Lowlands-L Anniversary Celebration

The Project

Language lists
Languages A–Z
Language Groups
Audio Files
Language information
Wish list

About Lowlands
Meet Lowlanders!
Project Team
Site map
Offline Resources
The Crypt
Language Tips
Members’ Links
Lowlands Shops
  · Canada
  · Deutschland
  · France
  · 日本 Japan
  · United Kingdom
  · United States
Recommended now!

What's new?

Please click here to leave an anniversary message (in any language you choose). You do not need to be a member of Lowlands-L to do so. In fact, we would be more than thrilled to receive messages from anyone.
Click here to read what others have written so far.

About the story
What’s with this “Wren” thing?
   The oldest extant version of the fable we are presenting here appeared in 1913 in the first volume of a two-volume anthology of Low Saxon folktales (Plattdeutsche Volksmärchen “Low German Folktales”) collected by Wilhelm Wisser (1843–1935). Read more ...

German, Standard German variety (“High German”)

Because of certain speech characteristics, most
North Germans are fairly easily told apart even
when they speak Standard German. But these
echoes from ancestral Low Saxon (Low
German) are now fading away.

Language information: Many North German varieties fall into the Standard German range but are variously northern-colored, sound and read very distinctively northern to German speakers outside Northern Germany. This is mostly due to Low Saxon (Low German) substrates. However, in most urban settings the shift from Low Saxon to Standard German was not direct. These varieties developed from hybrids known as Missingsch. In other words they may be considered “cleaned-up” Missingsch in which more or less Missingsch influences remain, influences that ultimately go back to Low Saxon.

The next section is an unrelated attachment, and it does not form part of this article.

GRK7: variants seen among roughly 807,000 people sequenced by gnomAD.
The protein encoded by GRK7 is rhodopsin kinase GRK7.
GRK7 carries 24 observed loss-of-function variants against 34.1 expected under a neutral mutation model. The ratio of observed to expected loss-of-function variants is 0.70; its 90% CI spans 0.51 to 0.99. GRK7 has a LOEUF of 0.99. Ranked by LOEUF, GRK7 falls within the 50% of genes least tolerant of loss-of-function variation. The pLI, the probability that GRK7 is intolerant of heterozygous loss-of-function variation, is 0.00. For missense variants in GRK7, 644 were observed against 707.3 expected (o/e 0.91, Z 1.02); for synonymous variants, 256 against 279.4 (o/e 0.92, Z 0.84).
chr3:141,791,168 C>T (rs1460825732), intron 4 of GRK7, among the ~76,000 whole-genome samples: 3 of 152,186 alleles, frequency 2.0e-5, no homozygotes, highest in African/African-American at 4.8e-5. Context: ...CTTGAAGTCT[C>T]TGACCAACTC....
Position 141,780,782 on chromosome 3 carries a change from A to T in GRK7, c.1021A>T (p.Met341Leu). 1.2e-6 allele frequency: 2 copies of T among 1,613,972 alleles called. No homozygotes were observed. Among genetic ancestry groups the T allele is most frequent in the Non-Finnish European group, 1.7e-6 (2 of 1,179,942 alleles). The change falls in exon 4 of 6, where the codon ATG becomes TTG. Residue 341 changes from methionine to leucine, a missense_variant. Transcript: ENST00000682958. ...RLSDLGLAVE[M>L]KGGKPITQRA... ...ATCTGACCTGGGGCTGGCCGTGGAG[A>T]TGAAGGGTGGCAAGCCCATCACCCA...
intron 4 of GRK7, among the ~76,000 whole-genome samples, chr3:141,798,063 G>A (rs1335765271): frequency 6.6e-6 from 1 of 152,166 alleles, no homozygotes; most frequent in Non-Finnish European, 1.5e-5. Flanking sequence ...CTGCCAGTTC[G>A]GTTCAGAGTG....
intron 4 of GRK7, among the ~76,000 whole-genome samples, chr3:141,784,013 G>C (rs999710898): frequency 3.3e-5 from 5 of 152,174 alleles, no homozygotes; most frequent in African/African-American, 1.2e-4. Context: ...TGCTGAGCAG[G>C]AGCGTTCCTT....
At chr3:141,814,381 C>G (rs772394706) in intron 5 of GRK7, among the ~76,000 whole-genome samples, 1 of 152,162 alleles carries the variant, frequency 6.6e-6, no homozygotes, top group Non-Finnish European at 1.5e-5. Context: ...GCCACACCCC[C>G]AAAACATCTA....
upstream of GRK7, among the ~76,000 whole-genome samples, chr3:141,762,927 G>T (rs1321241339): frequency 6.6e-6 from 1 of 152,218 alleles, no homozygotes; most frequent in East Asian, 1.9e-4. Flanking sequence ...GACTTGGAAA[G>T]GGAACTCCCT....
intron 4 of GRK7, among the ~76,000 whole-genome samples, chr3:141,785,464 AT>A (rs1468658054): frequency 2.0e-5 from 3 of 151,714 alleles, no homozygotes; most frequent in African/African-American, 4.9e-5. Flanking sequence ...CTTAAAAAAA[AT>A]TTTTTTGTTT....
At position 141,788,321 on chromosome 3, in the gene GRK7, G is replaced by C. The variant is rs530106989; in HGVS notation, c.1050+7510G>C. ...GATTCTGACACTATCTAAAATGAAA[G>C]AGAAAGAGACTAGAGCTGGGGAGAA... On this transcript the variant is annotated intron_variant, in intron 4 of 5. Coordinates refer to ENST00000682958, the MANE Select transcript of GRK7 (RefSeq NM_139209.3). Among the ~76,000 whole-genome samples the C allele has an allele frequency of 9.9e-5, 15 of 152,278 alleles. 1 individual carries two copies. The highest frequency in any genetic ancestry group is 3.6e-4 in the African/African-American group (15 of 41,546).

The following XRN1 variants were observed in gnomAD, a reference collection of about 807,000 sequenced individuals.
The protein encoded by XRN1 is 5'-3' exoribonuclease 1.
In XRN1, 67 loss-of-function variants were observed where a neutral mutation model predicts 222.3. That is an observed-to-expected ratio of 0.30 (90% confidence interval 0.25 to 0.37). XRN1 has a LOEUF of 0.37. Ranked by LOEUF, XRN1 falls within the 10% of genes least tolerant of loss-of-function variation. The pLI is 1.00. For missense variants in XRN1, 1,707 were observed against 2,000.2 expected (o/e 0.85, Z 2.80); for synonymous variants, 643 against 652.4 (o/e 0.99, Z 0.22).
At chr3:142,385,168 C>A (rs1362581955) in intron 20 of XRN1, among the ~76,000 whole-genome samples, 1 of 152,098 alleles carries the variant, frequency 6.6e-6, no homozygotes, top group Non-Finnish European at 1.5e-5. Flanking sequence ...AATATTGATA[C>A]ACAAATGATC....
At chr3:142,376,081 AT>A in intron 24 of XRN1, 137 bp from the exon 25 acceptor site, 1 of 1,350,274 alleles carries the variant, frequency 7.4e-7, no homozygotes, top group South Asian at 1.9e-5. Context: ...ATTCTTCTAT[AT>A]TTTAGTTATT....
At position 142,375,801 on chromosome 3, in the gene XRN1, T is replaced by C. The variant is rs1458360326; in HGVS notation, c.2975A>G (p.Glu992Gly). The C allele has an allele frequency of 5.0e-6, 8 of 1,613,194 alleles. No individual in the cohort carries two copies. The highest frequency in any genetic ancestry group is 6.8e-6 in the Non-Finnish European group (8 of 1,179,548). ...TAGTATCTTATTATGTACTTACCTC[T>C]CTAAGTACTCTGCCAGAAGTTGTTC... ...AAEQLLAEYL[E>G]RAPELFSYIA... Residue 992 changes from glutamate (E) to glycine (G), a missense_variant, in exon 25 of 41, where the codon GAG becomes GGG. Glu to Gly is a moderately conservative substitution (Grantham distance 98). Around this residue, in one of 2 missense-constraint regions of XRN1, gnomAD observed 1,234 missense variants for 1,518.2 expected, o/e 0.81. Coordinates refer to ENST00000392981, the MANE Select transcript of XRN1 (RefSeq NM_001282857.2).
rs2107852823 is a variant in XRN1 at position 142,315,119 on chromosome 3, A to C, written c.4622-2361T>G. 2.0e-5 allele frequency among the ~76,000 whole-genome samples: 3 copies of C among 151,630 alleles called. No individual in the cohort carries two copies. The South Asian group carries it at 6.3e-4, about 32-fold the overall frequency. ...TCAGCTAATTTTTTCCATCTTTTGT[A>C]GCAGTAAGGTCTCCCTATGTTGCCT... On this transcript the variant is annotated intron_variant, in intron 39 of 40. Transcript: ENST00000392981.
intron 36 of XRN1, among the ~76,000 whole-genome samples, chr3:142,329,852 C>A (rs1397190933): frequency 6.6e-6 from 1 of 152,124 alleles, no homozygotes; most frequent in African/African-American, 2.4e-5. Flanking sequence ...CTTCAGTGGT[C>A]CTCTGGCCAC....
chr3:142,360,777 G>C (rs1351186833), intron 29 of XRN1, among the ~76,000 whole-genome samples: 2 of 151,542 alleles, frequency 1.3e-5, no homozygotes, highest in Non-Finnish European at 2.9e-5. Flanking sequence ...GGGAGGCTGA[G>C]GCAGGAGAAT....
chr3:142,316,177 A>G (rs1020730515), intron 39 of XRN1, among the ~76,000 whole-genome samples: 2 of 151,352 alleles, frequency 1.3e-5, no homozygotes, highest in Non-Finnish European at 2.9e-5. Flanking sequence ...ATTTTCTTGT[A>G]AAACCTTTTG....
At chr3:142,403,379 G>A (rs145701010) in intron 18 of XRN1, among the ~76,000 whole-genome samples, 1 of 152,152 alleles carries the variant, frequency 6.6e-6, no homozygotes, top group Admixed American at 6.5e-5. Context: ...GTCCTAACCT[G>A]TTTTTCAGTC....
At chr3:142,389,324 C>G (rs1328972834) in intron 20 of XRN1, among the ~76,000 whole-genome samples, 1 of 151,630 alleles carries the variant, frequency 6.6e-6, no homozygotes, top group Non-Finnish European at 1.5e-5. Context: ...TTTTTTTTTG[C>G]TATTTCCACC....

Among commonly encountered Low-Saxon-derived features of Northern German found in the sample presented here are the following:

  • avoidance of preterite forms (e.g., perfective hat sein Nest im Wagenschuppen gehabt versus more neutral standard preterite hatte sein Nest im Wagenschuppen ‘had his nest in the car shed’)
  • use of originally demonstrative das (neuter ‘that’) in place of personal es ‘it’ in areas where Low Saxon has replaced older et or it with dat,
  • tendency toward using originally demonstrative der (masculine ‘that’), die (feminine ‘that’) in place of personal er and sie respectively,
  • tendency toward using “split” adverbs, much as in English (e.g., da haben wir uns so vor verjagt versus standard davor haben wir uns so erschrocken ‘that scared us so’, cf., Low Saxon daar hebbt wi us so vör verjaagt),
  • frequent doubling of adverbial expressions (e.g.; wie er um die Ecke rum kommt versus standard als er um die Ecke kam ‘as he came around the corner’),
  • tendency toward using the present tense in narratives,
  • omission of -e in first person verb forms (e.g., ich krieg versus standard ich kriege ~ ich bekomme ‘I get’, ‘I am getting’, ‘I will get’),
  • frequent use of wie in place of standard als ‘as’, ‘when’, ‘than’ (cf. Low Saxon as ‘like’, ‘as’, ‘when’, ‘than’, Standard German wie ‘like’, ‘as’, als ‘when’ (past), ‘than’, wenn ‘when’ (non-past)),
  • Low-Saxon-determined choice of words (e.g., daar > da versus standard da ~ dort ‘there’),
  • frequent use of Low Saxon calques (i.e., translated loanwords; e.g., afblieven > abbleiben versus standard bleiben ‘to get to’, langs > lang(s) versus standard entlang ‘along’, doll ‘crazy’ > doll versus standard arg, sehr, stark ‘strongly’, ‘hard’), aflehren > ablehren versus standard abgewöhnen, austreiben ‘to cause to give up (behavior)’),
  • consistent fricativization of syllable-final /g/ (e.g., (ich) sag [zax] ‘(I) say’, verjagt [fэ'jα:xt] ‘scared’, weg [vεç] ‘away’, (er) fliegt [fli:çt] ‘(he) flies’),
  • tendency toward aspirating voiceless stops only in syllables with main stress (e.g., Pappa ['phapa] ~ ['phaba] ‘daddy’), very much as in American English.

     [Click here to read more.]

Historical Lowlands language contacts: Low Saxon

    Click to open the translation: [Northern German] Click here for different versions. >

Author: Reinhard F. Hahn#003333